“I am a woman, but I am also a human being. This is what Steinem and Albright have taught me in their admirable fight for gender-equality.

“Whether I support Bernie Sanders or Hillary Clinton is ultimately unimportant; what is important is my right and ability to choose in the first place. Of all people, Steinem and Albright should have understood this.”

[EDITORIAL NOTE: It has been a long time since Crabby Old Lady has made an appearance in these pages. For those who are unfamiliar with her, she is the third-party alter ego I use to give me some distance when I'm really angry and sometimes (not this one) when I'm trying to be funny about something irritating but not necessarily significant.]

Comments

Oh dear. And I thought (wrongly, it appears) that the battle against sexism was mostly won! Glad Gloria stepped up and tried to fix the damage. But, as they say, you can't put the toothpaste back into the tube! As for Madelaine, well, she is just plain grumpy and crabby!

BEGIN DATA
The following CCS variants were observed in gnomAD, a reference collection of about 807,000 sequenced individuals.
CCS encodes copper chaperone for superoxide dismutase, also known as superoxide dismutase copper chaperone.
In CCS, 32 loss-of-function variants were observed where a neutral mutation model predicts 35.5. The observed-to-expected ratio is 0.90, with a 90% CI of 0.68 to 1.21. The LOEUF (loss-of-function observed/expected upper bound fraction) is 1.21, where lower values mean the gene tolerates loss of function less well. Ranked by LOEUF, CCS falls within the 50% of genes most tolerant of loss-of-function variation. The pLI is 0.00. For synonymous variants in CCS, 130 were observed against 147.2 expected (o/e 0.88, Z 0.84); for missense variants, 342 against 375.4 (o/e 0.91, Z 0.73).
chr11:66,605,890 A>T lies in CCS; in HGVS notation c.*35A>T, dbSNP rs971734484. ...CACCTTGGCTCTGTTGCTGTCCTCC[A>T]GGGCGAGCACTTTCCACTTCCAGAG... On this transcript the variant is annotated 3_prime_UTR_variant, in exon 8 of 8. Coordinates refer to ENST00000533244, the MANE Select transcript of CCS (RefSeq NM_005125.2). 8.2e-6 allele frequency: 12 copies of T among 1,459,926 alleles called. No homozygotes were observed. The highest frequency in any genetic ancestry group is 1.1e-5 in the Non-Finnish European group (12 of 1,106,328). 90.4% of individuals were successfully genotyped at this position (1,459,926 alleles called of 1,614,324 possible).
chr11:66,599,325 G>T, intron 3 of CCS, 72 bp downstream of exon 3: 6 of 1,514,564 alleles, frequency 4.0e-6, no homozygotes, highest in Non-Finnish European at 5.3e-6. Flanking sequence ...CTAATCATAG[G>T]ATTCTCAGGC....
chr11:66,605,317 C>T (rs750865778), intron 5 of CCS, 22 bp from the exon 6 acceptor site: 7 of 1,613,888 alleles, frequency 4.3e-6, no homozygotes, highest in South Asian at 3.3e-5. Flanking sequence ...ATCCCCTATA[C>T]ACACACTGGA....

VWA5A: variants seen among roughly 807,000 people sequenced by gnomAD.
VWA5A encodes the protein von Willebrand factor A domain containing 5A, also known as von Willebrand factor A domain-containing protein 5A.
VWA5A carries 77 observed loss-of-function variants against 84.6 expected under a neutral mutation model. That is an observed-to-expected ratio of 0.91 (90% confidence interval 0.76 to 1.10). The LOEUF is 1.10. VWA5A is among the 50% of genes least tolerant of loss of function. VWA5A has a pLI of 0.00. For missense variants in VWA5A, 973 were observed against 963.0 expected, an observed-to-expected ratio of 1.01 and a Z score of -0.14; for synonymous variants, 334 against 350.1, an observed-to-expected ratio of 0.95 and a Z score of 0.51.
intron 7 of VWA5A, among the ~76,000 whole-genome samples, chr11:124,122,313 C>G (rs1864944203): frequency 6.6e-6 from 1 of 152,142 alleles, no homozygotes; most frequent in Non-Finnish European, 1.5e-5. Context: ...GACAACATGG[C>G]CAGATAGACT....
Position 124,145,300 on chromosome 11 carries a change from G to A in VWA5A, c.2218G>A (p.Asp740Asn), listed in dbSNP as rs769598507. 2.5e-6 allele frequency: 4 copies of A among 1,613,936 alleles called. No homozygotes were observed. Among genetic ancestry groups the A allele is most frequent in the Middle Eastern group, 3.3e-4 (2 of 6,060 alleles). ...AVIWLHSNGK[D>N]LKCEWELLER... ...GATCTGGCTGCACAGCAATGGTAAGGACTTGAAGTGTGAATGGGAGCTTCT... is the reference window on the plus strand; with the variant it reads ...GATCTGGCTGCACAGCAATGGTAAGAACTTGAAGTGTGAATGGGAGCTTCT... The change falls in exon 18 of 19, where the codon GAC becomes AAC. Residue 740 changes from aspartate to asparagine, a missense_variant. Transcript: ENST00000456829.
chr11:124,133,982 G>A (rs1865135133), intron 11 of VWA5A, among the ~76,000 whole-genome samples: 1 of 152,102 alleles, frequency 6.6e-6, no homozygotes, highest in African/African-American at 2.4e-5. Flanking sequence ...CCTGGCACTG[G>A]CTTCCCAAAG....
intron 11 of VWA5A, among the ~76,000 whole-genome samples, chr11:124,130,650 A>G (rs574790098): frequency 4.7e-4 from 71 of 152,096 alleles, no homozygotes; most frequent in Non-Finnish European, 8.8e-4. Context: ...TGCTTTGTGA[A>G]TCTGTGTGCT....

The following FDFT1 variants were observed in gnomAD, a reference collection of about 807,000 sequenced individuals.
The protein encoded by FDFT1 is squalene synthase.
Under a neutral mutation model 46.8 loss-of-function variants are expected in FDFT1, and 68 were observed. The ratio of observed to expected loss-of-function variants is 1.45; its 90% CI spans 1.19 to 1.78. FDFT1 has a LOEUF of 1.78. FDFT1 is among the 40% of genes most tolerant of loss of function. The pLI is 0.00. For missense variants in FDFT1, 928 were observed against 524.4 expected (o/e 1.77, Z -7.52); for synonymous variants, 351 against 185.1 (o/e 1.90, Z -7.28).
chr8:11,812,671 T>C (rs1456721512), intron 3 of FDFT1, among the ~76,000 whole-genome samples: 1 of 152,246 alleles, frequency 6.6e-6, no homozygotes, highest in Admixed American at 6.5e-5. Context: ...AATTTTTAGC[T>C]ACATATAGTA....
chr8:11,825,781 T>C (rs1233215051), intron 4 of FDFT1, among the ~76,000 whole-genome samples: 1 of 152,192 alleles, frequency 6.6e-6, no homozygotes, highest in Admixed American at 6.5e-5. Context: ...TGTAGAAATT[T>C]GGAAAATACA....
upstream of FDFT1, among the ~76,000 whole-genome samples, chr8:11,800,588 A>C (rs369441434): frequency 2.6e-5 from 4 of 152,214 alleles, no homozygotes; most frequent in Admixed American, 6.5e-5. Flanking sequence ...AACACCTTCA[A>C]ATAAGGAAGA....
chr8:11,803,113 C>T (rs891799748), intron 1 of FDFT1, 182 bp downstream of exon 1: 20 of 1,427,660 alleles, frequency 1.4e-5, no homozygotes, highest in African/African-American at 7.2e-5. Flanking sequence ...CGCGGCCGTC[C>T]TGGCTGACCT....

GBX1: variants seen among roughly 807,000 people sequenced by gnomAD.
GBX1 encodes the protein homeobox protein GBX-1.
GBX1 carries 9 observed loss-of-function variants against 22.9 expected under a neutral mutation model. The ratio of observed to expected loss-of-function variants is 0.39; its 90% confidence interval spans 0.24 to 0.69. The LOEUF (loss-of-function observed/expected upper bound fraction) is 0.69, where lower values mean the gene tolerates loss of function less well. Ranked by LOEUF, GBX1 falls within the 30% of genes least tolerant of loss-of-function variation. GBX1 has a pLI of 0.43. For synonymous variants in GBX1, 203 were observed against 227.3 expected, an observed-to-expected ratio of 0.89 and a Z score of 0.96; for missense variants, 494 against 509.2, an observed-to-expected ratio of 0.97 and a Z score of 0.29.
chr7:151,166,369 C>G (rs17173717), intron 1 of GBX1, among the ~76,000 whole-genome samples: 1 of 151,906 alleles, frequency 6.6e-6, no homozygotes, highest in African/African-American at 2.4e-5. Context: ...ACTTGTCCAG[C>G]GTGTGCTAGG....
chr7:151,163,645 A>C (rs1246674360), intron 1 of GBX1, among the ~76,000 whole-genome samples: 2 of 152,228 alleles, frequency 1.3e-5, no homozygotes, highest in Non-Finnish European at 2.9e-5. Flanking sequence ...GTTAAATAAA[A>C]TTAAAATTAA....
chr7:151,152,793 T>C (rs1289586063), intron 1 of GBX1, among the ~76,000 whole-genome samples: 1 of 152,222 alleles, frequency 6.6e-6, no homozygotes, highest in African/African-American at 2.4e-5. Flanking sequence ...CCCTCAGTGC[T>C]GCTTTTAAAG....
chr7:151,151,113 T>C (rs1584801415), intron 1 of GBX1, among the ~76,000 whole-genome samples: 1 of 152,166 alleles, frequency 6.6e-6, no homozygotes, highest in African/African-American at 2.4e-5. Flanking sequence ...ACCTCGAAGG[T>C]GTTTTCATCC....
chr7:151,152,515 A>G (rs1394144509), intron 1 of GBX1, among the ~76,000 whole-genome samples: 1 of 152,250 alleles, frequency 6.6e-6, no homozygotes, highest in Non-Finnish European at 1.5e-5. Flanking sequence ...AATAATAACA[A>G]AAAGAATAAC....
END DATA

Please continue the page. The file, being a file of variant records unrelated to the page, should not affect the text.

Amen, Ronni. It gave me a tired feeling too, that they're all in a class of celebrities who have long since been out of touch with ordinary people. With friends like these...

Yes, the two women did cause my jaw to drop at their poorly-phrased remarks. They're much more than that and young women are more savvy, too.

It did make me think of how few older women are easily-recognized "icons," with so many deserving, but unrecognized. Back to RBG.

Like you, Ronni, I was very disappointed in both these women's comments. When, even all these years later, statements like this are made by someone like Gloria Steinem, it's not hard to understand how easily people can be convinced of, buy in to, and perpetuate biased myopic attitudes. You can see how this makes me crabby too. May we all have a good weekend, and enjoy something other than all the political hype.